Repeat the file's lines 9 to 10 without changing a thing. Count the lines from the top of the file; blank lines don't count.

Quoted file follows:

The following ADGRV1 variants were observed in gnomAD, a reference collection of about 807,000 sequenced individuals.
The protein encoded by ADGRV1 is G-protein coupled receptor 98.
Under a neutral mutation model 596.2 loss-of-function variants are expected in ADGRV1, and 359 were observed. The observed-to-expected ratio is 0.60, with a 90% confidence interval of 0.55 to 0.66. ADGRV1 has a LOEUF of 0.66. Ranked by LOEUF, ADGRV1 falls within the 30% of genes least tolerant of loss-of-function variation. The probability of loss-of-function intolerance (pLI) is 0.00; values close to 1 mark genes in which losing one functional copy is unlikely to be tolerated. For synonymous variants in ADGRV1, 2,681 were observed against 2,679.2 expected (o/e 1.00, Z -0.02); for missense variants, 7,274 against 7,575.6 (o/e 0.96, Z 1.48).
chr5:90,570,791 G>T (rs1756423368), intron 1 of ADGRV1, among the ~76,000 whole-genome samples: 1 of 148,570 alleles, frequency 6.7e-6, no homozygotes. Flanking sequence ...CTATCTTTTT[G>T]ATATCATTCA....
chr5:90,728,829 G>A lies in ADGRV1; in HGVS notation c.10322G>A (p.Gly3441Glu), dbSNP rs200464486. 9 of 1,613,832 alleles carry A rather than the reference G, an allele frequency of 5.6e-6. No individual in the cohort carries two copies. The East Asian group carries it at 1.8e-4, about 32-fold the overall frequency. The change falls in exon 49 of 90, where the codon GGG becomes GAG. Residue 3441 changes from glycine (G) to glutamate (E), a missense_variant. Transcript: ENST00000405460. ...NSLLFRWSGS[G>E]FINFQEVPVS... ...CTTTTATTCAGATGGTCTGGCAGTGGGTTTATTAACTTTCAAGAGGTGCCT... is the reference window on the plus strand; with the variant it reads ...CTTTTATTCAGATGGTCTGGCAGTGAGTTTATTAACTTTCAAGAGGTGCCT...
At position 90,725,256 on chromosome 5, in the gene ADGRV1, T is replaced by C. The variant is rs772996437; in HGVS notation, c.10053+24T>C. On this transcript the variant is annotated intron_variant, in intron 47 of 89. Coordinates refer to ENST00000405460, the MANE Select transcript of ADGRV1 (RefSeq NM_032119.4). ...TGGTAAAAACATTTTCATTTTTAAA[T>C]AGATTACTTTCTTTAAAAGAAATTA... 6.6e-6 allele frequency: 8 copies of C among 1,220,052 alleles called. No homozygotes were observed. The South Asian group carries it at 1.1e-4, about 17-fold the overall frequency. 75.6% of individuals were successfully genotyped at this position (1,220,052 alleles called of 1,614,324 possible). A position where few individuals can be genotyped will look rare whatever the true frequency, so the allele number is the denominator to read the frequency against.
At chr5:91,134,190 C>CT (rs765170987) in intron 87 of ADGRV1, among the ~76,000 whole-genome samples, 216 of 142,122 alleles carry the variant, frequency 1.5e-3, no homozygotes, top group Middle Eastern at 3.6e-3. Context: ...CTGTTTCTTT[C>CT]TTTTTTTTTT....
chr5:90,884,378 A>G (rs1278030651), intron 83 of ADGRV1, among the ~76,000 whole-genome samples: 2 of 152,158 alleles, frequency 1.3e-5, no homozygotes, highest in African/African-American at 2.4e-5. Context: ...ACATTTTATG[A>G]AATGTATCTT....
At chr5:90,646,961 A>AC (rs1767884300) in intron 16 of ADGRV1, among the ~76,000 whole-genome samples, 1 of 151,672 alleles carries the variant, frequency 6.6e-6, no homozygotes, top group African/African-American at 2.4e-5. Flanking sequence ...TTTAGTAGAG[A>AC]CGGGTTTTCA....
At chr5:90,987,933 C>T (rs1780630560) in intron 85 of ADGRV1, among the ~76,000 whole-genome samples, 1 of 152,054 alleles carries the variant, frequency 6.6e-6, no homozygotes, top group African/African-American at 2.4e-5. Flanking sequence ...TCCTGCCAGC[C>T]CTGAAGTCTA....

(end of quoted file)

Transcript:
At chr5:90,646,961 A>AC (rs1767884300) in intron 16 of ADGRV1, among the ~76,000 whole-genome samples, 1 of 151,672 alleles carries the variant, frequency 6.6e-6, no homozygotes, top group African/African-American at 2.4e-5. Flanking sequence ...TTTAGTAGAG[A>AC]CGGGTTTTCA....
At chr5:90,987,933 C>T (rs1780630560) in intron 85 of ADGRV1, among the ~76,000 whole-genome samples, 1 of 152,054 alleles carries the variant, frequency 6.6e-6, no homozygotes, top group African/African-American at 2.4e-5. Flanking sequence ...TCCTGCCAGC[C>T]CTGAAGTCTA....